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BY 4.0 license Open Access Published by De Gruyter Open Access March 5, 2019

Imagining and tinkering with assistive robotics in care for the disabled

  • Niels Christian Mossfeldt Nickelsen EMAIL logo


The media and political-managerial levels focus on the opportunities to re-perform the Scandinavian welfare states through digitization. Especially in Denmark, this trend is prominent. Welfare technology is a Scandinavian notion used to point at assistive technologies intending to support the elderly, the disabled and care providers. Feeding assistive robotics (FAR) is a welfare technology relevant to citizens with no or low function in their arms. Despite national dissemination strategies, it proves difficult to recruit suitable users. There have been many promises for the potential of assistive robotics including more cost-efficient healthcare delivery, engaged patients and connected care providers. However, the realities of enacting assistive robotics, whether as patients or care providers, can be complicated in ways often unanticipated by government agencies and technology developers. This study discusses governmental agencies’ and technology developers’ visions with regard to what robotics may do and argues that these visions intertwine with affected stakeholders’ organizing of theirworlds. On this founding, the article discusses the resulting tinkering during implementation. The study exemplifies and demonstrates how ethnography can be used as an important method in Human Robot Interaction (HRI) research. The Actor Network Theory idea of ‘follow the actor’ inspired the study that took place as multi-sited ethnography at different locations in Denmark and Sweden. Based on desk research, observation of meals and interviews the study examines sociotechnical imaginaries and their practical and ethical implications.Human and FAR interaction demands engagement, sustained patience and understanding of the citizen’s particular body, identity and situation. The article contributes to the HRI literature by providing detailed empirical analysis based on an ethnographic studywhere political strategies, technology developers’ assumptions and affected stakeholders’ everyday hassles are in focus at the same time.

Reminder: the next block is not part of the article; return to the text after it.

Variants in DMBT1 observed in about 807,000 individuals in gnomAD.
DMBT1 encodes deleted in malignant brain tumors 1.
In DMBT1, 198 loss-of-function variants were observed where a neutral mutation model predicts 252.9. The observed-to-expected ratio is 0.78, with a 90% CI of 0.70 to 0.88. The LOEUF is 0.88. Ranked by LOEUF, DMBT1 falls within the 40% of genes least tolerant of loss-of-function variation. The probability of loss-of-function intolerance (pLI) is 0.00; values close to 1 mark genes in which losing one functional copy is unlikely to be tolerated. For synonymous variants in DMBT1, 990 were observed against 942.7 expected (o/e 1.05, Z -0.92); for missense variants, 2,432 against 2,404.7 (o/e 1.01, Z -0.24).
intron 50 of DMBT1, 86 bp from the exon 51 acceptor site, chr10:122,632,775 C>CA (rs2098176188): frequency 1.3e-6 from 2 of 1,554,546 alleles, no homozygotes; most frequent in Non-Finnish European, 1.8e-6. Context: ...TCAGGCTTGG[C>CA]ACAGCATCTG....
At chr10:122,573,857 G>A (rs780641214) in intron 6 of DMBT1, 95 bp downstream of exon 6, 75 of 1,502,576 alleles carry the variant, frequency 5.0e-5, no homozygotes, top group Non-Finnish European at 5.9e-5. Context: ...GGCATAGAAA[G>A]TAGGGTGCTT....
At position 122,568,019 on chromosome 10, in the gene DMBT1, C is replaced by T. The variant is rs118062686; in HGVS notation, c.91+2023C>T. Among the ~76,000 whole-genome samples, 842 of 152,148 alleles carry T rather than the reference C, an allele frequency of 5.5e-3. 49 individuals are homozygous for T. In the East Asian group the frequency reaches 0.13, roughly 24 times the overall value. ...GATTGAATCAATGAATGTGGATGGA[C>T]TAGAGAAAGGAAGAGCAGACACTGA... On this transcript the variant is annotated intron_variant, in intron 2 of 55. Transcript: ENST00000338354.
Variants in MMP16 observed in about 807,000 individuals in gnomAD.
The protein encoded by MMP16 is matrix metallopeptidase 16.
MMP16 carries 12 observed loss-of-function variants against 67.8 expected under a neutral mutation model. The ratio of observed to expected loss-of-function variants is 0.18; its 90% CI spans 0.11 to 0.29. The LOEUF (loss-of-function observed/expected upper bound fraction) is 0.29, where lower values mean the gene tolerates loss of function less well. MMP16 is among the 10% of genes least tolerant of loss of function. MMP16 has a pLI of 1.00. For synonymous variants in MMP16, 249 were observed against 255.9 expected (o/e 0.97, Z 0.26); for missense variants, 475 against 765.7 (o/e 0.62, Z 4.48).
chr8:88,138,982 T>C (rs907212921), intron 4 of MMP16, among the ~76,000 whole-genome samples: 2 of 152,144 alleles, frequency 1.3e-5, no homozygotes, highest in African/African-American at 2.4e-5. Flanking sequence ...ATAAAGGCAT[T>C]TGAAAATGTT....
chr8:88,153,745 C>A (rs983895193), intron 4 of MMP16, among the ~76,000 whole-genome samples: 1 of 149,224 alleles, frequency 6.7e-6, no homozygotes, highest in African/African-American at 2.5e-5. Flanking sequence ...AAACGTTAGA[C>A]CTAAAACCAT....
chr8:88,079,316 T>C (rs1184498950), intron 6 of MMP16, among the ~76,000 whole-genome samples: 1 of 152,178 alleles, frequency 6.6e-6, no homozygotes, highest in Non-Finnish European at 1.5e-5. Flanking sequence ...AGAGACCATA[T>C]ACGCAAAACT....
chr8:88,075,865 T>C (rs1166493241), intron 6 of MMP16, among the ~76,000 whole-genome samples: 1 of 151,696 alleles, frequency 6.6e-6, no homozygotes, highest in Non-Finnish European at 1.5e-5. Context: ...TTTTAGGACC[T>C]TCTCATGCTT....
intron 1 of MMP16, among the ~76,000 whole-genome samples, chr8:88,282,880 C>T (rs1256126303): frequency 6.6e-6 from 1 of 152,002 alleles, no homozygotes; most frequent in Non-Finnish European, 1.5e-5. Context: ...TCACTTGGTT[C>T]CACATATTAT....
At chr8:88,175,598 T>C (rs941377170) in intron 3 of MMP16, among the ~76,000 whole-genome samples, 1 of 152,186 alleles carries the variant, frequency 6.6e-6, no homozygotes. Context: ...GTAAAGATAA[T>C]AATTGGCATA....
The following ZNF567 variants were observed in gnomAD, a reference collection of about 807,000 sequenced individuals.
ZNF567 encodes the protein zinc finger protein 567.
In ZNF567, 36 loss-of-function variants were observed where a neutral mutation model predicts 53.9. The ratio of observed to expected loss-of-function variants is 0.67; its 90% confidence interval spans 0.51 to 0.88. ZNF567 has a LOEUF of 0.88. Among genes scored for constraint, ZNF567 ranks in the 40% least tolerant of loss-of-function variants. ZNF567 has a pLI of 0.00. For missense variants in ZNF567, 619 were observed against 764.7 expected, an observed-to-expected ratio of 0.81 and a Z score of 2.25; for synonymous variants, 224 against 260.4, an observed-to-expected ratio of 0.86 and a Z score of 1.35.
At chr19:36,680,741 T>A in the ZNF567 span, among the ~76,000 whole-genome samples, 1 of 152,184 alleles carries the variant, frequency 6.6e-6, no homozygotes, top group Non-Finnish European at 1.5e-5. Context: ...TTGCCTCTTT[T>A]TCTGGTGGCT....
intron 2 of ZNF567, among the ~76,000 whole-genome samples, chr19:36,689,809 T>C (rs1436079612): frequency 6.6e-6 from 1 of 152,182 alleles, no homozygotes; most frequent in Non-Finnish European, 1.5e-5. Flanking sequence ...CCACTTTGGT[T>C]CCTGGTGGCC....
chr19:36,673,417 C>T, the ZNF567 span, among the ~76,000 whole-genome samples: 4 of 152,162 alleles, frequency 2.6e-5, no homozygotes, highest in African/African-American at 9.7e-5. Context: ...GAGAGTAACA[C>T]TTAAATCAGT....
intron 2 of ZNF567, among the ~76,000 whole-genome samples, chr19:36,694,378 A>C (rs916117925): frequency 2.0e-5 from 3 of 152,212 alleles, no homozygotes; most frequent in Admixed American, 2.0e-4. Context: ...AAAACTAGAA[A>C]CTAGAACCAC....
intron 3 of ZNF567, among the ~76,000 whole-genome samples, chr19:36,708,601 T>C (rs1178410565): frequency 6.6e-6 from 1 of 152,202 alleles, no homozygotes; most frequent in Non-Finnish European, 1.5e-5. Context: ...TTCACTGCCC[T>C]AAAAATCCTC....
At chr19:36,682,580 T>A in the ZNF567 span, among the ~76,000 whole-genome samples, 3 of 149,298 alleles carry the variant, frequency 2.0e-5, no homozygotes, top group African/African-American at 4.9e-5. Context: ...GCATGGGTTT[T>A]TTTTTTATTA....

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Received: 2018-05-28
Accepted: 2019-01-21
Published Online: 2019-03-05

© 2019 Niels Christian Mossfeldt Nickelsen, published by De Gruyter

This work is licensed under the Creative Commons Attribution 4.0 Public License.

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